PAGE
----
New York AG Sues Maker of McAfee Antivirus Software

New York state has sued the maker of McAfee antivirus software alleging it is restricting free speech by barring customers from publishing product reviews without its consent, Attorney General Eliot Spitzer announced Thursday.

Santa Clara, Calif.-based Network Associates Inc., placed restrictions on software diskettes and on its Web site, from which users download software, that explicitly prohibit customers from criticizing products without permission, Spitzer said.

"Network Associates is trying to insulate itself from the type of criticism and commentary that is the essence of the free market," Spitzer said.

The clauses, known as restrictive covenants, are illegal because they harm the public by censoring discussion of a product's flaws and defects, Spitzer contended.

"This clause has a chilling effect on free speech, criticism and public knowledge," Spitzer said. "It is wrong and should be stricken."

Network Associates added the prohibition to make sure customers know that the product they are reviewing is the most updated version, said company general counsel Kent Roberts. The company has since changed the wording of the clause to "take a more suggestive approach."

"We have seen cases where old versions of our products were reviewed on their own and problems were noted that had been fixed by subsequent versions," Roberts said.

In July 1999, Network Associates demanded a retraction of an unfavorable review published in the online and print magazine Network World, citing a clause on its Web site that prohibits product reviews without permission, the lawsuit alleged.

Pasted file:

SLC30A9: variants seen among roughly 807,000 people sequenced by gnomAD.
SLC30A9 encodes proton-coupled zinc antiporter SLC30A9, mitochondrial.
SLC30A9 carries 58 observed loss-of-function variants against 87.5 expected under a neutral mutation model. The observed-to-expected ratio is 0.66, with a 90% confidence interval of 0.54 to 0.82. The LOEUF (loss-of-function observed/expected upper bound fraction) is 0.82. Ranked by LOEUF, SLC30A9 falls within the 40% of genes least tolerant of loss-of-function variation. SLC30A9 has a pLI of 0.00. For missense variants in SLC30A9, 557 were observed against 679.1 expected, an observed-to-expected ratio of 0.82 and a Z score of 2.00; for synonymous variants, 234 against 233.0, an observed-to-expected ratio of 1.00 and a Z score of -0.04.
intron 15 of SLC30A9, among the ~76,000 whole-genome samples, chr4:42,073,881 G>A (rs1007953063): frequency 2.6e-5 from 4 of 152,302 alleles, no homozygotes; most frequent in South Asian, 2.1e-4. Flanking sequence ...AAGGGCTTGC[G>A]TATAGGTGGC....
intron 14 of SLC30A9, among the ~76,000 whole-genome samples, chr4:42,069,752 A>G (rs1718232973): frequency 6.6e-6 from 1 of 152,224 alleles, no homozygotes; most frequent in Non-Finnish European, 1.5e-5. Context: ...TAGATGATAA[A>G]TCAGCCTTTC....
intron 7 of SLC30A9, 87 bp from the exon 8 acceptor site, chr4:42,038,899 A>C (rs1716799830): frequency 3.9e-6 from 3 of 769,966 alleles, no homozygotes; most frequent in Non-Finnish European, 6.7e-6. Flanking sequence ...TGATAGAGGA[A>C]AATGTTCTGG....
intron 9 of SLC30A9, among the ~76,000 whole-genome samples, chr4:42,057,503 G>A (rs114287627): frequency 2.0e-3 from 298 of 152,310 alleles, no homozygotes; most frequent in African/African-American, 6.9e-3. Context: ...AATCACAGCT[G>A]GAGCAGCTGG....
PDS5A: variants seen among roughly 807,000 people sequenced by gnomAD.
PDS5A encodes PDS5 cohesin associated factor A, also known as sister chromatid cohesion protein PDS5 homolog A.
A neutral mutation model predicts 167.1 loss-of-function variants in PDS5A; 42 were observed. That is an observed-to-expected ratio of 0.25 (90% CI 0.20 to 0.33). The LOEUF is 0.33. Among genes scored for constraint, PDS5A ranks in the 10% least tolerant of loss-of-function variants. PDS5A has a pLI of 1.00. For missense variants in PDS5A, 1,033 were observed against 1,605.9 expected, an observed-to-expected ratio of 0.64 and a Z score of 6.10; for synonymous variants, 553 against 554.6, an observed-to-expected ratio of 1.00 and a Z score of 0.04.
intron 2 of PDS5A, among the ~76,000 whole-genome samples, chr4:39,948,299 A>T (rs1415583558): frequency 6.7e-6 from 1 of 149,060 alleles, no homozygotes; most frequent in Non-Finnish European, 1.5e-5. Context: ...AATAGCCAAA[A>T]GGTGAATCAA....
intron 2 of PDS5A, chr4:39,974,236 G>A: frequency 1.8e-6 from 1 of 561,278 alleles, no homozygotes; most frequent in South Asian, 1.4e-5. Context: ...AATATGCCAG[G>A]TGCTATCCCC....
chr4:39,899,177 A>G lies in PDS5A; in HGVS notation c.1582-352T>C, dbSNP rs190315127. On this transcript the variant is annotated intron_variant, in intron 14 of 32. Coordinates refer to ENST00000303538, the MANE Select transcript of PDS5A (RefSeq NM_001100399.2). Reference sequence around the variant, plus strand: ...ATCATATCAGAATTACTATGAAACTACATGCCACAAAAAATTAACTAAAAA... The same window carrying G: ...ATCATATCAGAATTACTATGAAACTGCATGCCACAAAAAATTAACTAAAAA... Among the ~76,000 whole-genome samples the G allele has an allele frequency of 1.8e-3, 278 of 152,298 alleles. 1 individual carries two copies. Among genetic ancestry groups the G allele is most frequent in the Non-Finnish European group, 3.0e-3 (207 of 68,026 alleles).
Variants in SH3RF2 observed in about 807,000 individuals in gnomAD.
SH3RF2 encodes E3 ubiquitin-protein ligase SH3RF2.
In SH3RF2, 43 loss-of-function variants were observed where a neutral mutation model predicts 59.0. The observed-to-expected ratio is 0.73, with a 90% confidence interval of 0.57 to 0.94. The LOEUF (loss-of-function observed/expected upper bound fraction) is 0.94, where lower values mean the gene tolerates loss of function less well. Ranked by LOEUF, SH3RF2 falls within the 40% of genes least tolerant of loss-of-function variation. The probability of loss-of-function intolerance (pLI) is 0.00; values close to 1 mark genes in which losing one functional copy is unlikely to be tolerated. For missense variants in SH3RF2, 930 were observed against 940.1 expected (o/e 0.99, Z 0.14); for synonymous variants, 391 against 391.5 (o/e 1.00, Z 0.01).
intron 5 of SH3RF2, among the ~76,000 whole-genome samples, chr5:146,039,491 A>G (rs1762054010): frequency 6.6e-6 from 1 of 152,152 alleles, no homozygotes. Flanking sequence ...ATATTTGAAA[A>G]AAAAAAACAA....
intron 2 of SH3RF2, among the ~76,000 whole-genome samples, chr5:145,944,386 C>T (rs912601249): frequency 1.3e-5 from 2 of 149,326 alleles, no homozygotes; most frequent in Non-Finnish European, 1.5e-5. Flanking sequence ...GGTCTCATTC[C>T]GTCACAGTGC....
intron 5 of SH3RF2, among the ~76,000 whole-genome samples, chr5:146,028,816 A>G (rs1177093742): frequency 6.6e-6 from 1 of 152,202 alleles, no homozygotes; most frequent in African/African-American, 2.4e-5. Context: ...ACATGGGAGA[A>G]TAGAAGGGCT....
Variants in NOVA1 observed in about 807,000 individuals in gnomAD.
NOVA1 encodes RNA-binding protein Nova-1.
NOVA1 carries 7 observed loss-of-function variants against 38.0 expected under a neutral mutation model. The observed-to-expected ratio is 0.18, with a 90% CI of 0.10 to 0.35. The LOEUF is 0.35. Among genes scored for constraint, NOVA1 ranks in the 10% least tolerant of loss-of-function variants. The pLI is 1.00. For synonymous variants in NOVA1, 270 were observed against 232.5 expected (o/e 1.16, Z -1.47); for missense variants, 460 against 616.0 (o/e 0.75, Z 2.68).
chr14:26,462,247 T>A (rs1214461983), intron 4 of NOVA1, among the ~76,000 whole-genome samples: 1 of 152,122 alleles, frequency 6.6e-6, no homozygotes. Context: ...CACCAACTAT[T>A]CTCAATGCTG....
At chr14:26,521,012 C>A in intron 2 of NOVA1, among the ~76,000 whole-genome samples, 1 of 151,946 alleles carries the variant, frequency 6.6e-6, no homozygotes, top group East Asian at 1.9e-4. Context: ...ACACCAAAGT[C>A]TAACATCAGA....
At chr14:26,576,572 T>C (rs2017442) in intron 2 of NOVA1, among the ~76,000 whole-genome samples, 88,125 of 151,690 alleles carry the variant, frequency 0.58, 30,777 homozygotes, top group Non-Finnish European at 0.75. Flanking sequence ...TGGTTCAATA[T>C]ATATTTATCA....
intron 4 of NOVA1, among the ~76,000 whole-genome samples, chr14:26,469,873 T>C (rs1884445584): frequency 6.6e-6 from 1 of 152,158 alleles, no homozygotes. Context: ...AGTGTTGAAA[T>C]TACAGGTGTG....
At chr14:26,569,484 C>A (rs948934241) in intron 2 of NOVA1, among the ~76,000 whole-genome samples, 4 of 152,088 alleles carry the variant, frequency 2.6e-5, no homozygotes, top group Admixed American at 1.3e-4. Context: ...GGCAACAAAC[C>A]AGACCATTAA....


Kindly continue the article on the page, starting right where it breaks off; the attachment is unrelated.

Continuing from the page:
Consumer groups said the lawsuit ensures that users and publishers can continue to independently evaluate software products and discuss their findings publicly.

"Private companies simply should not be permitted to stifle the First Amendment rights of consumers and publishers who buy their products," said James Guest, president and chief executive of Consumers Union.

But Roberts said he does not see a free speech issue because license agreements by nature limit a user's rights.

"Software licensing frequently restricts terms of use," he said. "The bundle of rights can be restricted by the terms of the license so that's why there's not an issue legally with respect to what we did."

The lawsuit, filed in state Supreme Court in Manhattan on Wednesday, seeks to prevent enforcement of any clause restricting product reviews of the company's software, as well as costs and penalties for the company's conduct.

Network Associates, which was founded in 1989 and employs 3,606 workers worldwide, is a leading developer of antivirus and firewall programs. Its revenue for the 2001 fiscal year totaled $834 million.